I should have been more explicit here. From what I understand the rate of single parenthood among white women is increasing greater than the rate of any other racial demographic. See this report:
http://www.cdc.gov/nchs/data/nvsr/nvsr51/nvsr51_12.pdf

While the birthrate for single black women is decreasing, the birthrate for single white women is increasing.

Further from what I understand the rate of marriage among whites has decreased as well. I haven't been able to find anything to support this though, so it might just be me.

> I expect the current economic circumstances will hasten this dynamic.<

I don't see why that would be the case. If we look at the last period in which marriage rates took a nose dive (roughly from 1965 to the early 90's) it rose irrelevantly as to weather there was good economy or a bad economy. By contrast in rural states like Maine, Montana, and Idaho, the out-of-wedlock birthrate among African Americans remained low. There wasn't less poverty there, but rather a cultural difference where traditional, mainstream norms held firm in a way they did not in the inner city. The data points to marriage rates being dependent upon culture, not economics.

Mike, can you tell me where Kay gets her information from here? I looked at your website and Kay does nothing more than say what you said. I don't have any idea what the numbers are here...the black population in the states you mentioned has never been particularly high.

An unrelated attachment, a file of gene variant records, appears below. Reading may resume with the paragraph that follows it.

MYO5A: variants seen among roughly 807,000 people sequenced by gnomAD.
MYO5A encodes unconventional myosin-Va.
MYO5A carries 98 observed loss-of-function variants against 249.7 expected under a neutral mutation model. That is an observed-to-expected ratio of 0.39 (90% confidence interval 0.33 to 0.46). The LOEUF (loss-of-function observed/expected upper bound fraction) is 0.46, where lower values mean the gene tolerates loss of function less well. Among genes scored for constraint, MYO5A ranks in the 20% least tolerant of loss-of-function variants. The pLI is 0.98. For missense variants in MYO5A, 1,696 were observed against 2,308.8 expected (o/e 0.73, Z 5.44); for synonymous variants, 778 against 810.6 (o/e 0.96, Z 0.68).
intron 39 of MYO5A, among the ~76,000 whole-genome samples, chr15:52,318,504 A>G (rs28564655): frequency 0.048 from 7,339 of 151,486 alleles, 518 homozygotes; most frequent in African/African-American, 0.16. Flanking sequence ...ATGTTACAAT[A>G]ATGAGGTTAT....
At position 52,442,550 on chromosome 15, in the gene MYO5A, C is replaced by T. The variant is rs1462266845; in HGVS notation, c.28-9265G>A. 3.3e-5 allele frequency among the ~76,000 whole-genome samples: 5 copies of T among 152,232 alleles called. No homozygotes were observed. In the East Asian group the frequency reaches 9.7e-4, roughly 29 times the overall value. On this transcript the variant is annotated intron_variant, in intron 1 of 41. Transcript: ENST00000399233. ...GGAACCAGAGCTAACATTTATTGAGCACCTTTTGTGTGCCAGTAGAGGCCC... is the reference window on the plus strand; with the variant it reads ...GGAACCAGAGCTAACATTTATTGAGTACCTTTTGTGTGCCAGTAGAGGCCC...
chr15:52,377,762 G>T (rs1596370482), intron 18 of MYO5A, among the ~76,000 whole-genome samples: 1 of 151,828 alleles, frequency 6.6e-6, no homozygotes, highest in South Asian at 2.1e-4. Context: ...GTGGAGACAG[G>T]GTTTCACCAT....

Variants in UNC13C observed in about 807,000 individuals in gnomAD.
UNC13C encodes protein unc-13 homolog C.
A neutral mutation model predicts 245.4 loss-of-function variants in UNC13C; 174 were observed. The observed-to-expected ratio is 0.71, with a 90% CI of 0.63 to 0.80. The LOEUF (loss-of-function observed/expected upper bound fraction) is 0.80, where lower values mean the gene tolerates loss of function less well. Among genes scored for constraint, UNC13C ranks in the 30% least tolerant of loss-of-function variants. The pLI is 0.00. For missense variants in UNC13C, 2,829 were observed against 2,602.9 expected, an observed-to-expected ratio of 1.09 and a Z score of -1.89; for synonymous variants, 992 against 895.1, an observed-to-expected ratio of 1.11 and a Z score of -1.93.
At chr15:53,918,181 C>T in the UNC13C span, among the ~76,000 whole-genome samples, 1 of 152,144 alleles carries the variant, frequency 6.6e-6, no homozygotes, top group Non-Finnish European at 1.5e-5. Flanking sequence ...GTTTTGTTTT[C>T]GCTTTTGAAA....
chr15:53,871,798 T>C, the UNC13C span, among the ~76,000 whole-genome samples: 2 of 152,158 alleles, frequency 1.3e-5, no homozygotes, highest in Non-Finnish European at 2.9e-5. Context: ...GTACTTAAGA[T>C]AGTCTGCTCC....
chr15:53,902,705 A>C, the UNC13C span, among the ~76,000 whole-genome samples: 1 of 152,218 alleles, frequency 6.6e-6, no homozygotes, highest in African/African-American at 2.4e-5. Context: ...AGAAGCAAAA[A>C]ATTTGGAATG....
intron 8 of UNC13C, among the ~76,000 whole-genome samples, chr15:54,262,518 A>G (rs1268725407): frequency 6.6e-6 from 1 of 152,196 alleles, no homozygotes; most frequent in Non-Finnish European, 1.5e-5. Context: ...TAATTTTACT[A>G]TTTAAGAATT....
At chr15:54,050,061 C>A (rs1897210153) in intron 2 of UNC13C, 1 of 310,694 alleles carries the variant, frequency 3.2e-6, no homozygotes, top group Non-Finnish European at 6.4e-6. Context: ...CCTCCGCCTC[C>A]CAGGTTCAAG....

> They (we) can go lower, but not much.<

The problem I see is a feedback loop. Those born out of wedlock are more likely to have children born out of wedlock. Having multiple generations used to growing up without fathers, results in a culture that feels no shame about having children when its members are not married, which means it's members are more likely to have children out of wedlock. How does one break out of that loop? And given that for whites, marriage is still the norm and for blacks, it is not, I see significant and deeply rooted cultural differences remaining between the two groups indefinitely. If the majority of one group is raised in one type of family, and the majority of another group is raised by a different type of family that shows very different quantifiable differences in social conditions, how could the two groups be anything but different?